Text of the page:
Crate As Training

Depending on who you ask, crates are a hot topic, so let me start off by saying I am pro-crate.

I think crates are a great way to provide safe supervision and prevent destruction when you’re not present. I know there’s a common argument about confining dogs to a small space, but provided the crate is properly sized (so the dog has room get up and to turn around), there’s nothing wrong with having them spend time in a crate while you’re away or asleep.  Likely all they’re doing while you’re away is sleeping anyway, so in my opinion there’s no harm in just changing up exactly where they sleep. Not to mention, once they’re comfortable in the crate, it’s a great thing to bring while travelling that will feel safe and familiar for them.

So, even though we’ve never used a crate with Moses, that doesn’t mean we wouldn’t, and also means – as I mentioned recently – we’re employing the crate with Alma as a firm barrier between her and… say… brown sugar.

Alma in her crate. For those curious, it's the Kong Double-Door crate in the biggest possible size: 49"L x 30.5"W x 32.25"H

But I find it kind of a misnomer when people talk about “crate training”.

What is “crate training”, anyway?

I mean, we’re using the crate to help control Alma’s anxiety-based destructive habits.  For Alma, the challenge ensues when we’ve left the house, and she’s left completely unsupervised – even more so in the instances when we take Moses out and she’s left completely alone.  Even when we’re asleep she’s fine and trustworthy in the house, so it’s clear separation anxiety that is channeled into mischievous behaviours.

But putting her in the crate doesn’t actually teach her anything about not counter-surfing or not taking her stressful energy out on the box of Kleenex.

In fact, in reality, a crate is more like an avoidance technique.

It’s just like how walking a dog super early in the morning or super late to avoid other neighbourhood dogs may result in calmer, easier dog walks, but really doesn’t teach them anything about on-leash manners when passing other dogs.  You need exposure to your challenges in order to provide training opportunities and work through them.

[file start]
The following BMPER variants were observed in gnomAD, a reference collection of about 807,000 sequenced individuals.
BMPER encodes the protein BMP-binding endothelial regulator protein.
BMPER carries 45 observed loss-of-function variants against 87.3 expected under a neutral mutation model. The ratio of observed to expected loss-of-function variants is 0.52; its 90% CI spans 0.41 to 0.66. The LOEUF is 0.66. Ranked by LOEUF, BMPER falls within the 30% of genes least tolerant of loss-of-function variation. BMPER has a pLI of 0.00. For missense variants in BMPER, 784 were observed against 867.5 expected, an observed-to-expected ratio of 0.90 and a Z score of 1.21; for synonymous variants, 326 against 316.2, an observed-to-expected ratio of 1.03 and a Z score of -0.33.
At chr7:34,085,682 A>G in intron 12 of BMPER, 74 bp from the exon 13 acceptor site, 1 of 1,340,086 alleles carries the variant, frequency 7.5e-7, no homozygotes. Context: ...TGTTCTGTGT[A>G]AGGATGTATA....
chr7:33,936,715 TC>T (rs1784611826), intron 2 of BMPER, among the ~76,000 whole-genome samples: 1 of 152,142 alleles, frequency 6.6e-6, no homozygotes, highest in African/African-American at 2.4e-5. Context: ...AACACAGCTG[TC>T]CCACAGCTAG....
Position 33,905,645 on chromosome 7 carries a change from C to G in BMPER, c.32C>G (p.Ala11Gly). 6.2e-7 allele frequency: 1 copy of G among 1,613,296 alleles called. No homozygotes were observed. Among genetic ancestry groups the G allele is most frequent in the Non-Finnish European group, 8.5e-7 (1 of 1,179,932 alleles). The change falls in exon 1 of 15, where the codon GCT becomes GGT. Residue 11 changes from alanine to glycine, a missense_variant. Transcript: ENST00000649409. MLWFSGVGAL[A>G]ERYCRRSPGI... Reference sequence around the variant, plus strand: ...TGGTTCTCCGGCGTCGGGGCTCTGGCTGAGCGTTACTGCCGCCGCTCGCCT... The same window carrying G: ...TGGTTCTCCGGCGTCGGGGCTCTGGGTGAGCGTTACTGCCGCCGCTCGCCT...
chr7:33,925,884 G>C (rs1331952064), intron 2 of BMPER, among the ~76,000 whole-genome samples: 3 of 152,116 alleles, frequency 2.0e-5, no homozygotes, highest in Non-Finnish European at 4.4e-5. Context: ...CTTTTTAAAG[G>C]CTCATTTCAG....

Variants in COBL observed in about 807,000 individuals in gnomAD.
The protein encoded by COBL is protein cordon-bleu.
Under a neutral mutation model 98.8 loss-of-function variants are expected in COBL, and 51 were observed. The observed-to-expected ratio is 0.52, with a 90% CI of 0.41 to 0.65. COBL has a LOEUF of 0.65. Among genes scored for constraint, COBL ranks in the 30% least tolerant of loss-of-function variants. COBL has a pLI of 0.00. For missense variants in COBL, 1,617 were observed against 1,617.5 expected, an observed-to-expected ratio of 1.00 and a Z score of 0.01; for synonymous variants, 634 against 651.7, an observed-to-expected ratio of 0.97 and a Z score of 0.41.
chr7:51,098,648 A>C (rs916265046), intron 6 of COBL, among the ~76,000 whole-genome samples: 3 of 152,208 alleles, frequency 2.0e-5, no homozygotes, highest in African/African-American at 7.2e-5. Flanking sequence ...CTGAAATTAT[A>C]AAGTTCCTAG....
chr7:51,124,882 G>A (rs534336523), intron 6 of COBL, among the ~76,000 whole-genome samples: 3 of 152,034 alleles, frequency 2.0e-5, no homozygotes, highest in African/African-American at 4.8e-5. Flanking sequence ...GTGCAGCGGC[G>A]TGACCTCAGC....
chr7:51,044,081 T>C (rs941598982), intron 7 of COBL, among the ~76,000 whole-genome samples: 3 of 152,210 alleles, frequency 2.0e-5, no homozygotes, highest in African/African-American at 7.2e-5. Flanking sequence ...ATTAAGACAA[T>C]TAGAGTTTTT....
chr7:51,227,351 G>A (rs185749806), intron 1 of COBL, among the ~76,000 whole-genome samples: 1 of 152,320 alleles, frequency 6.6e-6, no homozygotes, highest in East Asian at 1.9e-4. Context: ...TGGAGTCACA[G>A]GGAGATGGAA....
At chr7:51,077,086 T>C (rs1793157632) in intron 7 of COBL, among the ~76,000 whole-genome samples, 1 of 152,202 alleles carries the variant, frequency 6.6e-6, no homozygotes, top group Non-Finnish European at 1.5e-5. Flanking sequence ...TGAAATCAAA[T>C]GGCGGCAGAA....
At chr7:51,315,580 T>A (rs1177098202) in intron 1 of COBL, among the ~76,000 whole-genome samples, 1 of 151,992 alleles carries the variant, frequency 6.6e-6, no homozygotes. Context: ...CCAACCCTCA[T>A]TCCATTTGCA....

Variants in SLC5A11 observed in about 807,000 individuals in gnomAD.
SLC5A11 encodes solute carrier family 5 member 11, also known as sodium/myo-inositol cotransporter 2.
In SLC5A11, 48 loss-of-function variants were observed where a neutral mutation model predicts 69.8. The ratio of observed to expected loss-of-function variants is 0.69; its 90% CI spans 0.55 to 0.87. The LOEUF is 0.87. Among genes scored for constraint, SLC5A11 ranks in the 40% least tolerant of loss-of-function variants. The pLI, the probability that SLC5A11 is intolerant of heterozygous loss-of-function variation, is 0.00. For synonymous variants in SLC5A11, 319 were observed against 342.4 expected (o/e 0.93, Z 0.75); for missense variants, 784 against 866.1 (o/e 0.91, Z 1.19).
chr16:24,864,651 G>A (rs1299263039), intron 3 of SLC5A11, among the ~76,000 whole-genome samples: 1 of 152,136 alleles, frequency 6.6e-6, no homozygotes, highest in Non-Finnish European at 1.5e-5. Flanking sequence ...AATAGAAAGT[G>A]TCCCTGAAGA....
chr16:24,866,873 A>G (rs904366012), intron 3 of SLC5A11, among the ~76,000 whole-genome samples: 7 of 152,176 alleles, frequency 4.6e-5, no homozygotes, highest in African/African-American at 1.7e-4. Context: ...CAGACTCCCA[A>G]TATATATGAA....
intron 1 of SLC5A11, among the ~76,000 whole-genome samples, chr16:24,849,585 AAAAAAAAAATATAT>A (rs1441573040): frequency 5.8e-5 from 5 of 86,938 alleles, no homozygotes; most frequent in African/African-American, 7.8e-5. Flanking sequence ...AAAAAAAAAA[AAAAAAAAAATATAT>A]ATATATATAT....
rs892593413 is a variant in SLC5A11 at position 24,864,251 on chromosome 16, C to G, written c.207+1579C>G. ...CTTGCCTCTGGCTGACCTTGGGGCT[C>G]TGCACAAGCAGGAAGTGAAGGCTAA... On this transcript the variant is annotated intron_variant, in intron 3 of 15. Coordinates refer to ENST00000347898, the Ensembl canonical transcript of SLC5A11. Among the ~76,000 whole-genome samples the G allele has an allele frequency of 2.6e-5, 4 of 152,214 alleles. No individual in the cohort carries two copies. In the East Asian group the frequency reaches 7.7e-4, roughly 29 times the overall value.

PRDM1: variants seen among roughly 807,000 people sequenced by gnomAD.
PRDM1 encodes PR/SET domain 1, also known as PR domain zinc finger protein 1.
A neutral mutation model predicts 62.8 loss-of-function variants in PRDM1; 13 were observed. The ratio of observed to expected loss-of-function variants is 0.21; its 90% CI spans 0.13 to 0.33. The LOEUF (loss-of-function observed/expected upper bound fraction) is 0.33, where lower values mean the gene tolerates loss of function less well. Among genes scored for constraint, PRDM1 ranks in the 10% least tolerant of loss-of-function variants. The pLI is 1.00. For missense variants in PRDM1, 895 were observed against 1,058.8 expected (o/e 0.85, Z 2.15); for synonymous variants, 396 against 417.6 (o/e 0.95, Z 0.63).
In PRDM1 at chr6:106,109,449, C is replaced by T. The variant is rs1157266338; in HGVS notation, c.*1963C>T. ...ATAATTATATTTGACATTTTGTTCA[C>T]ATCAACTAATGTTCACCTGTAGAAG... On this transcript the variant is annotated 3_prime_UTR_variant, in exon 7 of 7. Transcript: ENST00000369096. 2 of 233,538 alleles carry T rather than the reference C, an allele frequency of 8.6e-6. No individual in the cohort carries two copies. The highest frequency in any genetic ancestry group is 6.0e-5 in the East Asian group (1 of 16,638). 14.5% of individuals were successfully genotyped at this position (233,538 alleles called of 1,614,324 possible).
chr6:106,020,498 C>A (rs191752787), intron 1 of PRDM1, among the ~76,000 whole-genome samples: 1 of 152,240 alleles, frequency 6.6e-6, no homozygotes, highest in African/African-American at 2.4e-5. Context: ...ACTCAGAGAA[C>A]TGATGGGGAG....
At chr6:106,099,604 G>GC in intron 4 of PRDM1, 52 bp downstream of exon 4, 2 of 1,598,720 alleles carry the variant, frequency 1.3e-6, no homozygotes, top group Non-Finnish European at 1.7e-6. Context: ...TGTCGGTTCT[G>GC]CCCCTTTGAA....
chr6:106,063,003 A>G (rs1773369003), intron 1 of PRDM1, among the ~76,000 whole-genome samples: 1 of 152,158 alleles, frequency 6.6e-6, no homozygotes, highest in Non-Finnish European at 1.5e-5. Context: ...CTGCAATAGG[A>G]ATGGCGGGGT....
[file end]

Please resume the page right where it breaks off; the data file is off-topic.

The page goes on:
So if “crate training” isn’t providing any lessons to curb destructive habits, then what is it?

Well, it’s just training your dog to get used to spending time in the crate.

In order to do this, we had Alma inspect the crate and spend time in it with the doors open before having her closed in it while we were gone.  Then we begin every crate experience with positive associations: making sure she goes in by choice (not by force) and then giving her treats and a toy at the outset.  When we come home, we always wait for her to be calm and sitting down before letting her out, so she associates the crate ritual with relaxed and positive experiences.

And we’ll continuously make sure the crate is never used as a punishment or “time out” location, and that any whining there may be will just be ignored.

The most perceptive reader may notice a crate next to Alma's in the picture above. That belongs to Jasper, the Duck Tolling Retriever, who is also crate trained and spending a few days with us.

Only a couple weeks in and I’m happy to report the crate training is going famously, and she’s quite content to spend time in there while we’re at work.

And you know how I know this?

Because technology is awesome.  And really, so is the Husband, because it was all his idea.

We’ve downloaded a webcam app on our MacBooks and iPhones, so now we can put Alma in her crate, set up the laptop so she’s on camera, and we can login on our phones and check the live footage.

And looking at the  various camera feeds available, we’re by far not the only folks out there using this system to spy on our pets (don’t judge – we all know you’d peek on the other feeds too).

It’s a great way to check and ensure Alma’s calm and relaxed while we’re gone.  For example, I took Moses out for a solo walk yesterday, and it was great to check the camera and see how long it took her to relax and lay down before we headed back to the house (for the record, it was about 20 minutes).

So, yeah, there really is an app for that.

What Moses does when left home alone.